Fall Fly Fishing

Days get shorter, the water starts to cool, and the browns start to move towards spawning grounds. Fall is still a great time to fish dries and nymph rigs, but the real star of the show is the streamer! There are many exotic streamer patterns to choose from—Mini-Dungeon, Balanced Leeches, and Wolley Buggers, to name a few. Make sure you have a good selection of Parachute Adams and callibaetis on hand in case you happen to hit a warm day with a good hatch coming off. If you’re nymphing, keep throwing the sowbug and scud patterns and try some worm patterns and a Copper Johns or a Pheasant Tail.

Woman Fly Fishing from a Pontoon
Fly fishing Montana's Missouri River in early fall.

Similar to spring, the Montana fall tends to vary widely in terms of weather. You might be fishing the 80-degree remnants of summer or squinting into the wind of winter’s first snowy spat. Layers and sun protection are a must!

Winter Fly Fishing

Once again, cold water temps mean sluggish fish in deep water. This time of the year, you’ll want primarily small wet flies for nymphing: scuds, Pill Poppers, sowbugs, and Zebra Midges. This time of the year, I like to allow my flies (along with some no lead split) to tap across the bottom of the river during the casting drift.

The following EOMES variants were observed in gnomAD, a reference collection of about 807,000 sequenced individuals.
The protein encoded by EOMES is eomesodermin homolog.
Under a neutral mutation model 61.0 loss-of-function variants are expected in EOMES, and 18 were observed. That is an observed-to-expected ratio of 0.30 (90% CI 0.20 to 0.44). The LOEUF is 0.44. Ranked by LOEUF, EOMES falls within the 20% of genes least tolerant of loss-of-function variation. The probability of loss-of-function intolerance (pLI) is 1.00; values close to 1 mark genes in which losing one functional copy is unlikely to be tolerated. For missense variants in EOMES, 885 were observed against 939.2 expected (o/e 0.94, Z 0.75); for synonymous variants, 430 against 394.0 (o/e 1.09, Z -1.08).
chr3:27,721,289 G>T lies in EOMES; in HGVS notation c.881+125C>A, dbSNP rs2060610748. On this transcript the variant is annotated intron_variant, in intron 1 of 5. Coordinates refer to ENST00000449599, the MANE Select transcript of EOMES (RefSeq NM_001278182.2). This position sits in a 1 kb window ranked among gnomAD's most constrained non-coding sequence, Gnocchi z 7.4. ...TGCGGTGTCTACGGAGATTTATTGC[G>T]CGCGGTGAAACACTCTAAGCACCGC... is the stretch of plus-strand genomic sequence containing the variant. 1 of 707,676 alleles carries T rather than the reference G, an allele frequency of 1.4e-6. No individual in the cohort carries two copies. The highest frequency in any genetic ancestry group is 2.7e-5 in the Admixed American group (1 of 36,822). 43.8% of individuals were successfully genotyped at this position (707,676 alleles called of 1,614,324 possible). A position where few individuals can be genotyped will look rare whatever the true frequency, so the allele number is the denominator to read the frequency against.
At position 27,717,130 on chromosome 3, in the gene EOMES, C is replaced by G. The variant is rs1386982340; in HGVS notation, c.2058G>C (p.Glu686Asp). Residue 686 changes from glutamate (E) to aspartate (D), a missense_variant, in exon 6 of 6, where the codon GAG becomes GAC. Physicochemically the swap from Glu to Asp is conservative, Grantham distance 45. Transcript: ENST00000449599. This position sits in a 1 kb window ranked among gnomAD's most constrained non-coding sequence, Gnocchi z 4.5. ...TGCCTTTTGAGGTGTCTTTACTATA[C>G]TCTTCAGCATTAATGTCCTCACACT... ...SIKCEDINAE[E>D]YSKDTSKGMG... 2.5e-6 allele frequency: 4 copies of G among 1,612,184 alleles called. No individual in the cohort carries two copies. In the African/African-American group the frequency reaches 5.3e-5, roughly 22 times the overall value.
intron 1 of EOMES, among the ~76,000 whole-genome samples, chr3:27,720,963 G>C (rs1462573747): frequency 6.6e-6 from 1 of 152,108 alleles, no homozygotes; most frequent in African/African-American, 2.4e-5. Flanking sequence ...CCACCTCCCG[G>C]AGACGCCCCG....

If you manage to time it right and hit a 40-degree day in December or January, don’t be afraid to take a short float. Bring a Jetboil for ramen and hot toddies and a Mister Heater for warmth. Heated socks and a good warm coat are also highly recommended!

Our kit for the Upper Missouri:

  • A 4 or 5 wt Montana Casting Co. fly rod for spring and summer AND a 6wt in the fall for streamers
  • The Lite or Elite Reel with the Dearborn fly rod OR Envy or Elite Reel with the Warm Springs fly rod OR the Lite or Envy Reel with the Craig fly rod
  • MC-40 Fly Line for dries OR MC-30 fly line for nymphs OR MC-38 fly line for streamers
  • 7.5 ft 5X leader for nymphs and streamers or 9 ft 5 OR 6X leader for dries
  • Conceal tippet for nymphs and streamers OR emerger tippet for dries
  • Micro swivels, non-lead split and some indicators for nymphing
  • Sunscreen
  • Warm layers (especially for fall, winter, and spring)
  • Flotant
  • Seasonal fly box
    • Spring: Perdigons, Hot Heads, scuds, sowbugs, black or olive dries, Juju Baetis
    • Summer: Flotant, Tricos, Caddis, terrestrials, sowbugs, scuds, jujus, and frenchies.
    • Fall: Streamers, Parachute Adams, callibaetis, Pheasant Tail, scuds, sowbugs, and worms
    • Winter: Scuds, Pill Poppers, sowbugs, and Zebra Midges

As ever, we encourage you to drop in at the local fly shops wherever you visit—they’ll have the most up-to-date information on what’s getting the fish to bite and they’re also a great resource for stocking up on any last-minute supplies. Happy fishing!

Don’t forget to leave your thoughts, questions, and fishing stories in the comments below!